They walked in to the estate, down the short road to the junction leading to the houses. The layout was a shamrock shape, the section containing his parents’ house off to the left.

Reaching the junction they traveled the few hundred yards to the area at the end, each of the twenty houses in a loose circle. The monitor cameras at the top of the poles placed between every second property remained motionless, slumped forward in their protective housings.

In most of the houses curtains were drawn shut with several properties abandoned. In one case the front door was open to the world. Another had been destroyed by fire, the roof collapsed and the windows blackened by smoke.

Reaching his parents’ house he remembered it as bigger and more grand. Now it looked like a toy house, identical to all the others, tired and unkempt. Broken gutters hung from the edge of the roof, the front garden a riot of untended bushes and long grass.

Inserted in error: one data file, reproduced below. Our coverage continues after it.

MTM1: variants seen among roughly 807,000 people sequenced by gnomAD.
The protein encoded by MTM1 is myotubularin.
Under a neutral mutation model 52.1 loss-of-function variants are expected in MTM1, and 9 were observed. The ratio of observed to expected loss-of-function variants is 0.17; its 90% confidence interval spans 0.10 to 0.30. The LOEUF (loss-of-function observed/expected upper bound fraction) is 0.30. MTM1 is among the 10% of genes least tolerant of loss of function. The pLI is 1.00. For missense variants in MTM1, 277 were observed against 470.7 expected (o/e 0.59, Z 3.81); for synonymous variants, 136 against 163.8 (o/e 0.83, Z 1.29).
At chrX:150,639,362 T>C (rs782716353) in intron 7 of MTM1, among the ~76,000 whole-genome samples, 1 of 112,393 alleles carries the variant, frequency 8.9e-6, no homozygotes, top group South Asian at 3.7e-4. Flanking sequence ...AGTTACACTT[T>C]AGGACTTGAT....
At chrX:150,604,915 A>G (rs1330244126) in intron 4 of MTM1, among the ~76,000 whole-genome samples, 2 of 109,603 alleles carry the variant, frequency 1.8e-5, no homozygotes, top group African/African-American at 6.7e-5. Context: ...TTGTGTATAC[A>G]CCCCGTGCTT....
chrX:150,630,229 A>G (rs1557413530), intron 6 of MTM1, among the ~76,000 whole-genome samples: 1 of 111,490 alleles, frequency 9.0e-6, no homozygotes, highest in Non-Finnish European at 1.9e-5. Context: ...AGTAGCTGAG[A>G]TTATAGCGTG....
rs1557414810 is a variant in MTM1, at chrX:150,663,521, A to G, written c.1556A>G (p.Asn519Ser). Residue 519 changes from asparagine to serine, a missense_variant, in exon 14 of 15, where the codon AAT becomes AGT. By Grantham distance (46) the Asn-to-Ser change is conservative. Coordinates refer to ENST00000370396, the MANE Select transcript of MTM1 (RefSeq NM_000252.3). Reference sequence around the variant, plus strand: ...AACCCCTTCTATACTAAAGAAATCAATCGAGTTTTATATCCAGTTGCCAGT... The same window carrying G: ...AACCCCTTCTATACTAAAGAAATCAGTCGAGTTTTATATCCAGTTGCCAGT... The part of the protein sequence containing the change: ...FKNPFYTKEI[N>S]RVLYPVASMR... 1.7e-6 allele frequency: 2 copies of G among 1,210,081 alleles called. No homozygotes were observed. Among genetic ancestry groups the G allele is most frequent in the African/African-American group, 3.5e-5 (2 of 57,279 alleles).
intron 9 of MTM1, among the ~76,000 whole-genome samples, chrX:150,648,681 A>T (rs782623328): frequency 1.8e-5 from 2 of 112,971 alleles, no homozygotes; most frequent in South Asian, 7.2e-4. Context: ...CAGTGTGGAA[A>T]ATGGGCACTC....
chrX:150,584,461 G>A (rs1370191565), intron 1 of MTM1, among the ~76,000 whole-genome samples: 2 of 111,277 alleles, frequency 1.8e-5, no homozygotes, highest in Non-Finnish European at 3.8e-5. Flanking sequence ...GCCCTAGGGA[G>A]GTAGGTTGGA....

At the sidewalk in front of the house the streetlights juddered into life, so something still worked. Most failed to light up. Oddjob looked up at the flickering light as if not sure what was happening.

It made him wonder how the bot processed all this, the environment far removed from the clinical predictability of a hospital. Oddjob’s adaptive routines aimed to accomplish basic interaction but that was primarily physical lifting and simple medical procedures. What would this much bigger world do to it?

Despite his desperation to get here he couldn’t shake his growing discomfort. The boulevard in town had been disturbing but for some reason he hadn’t really expected it here even though that was irrational. Why would it be any different? Yet the tension increased as he approached the house, the feeling of wrongness difficult to shake off.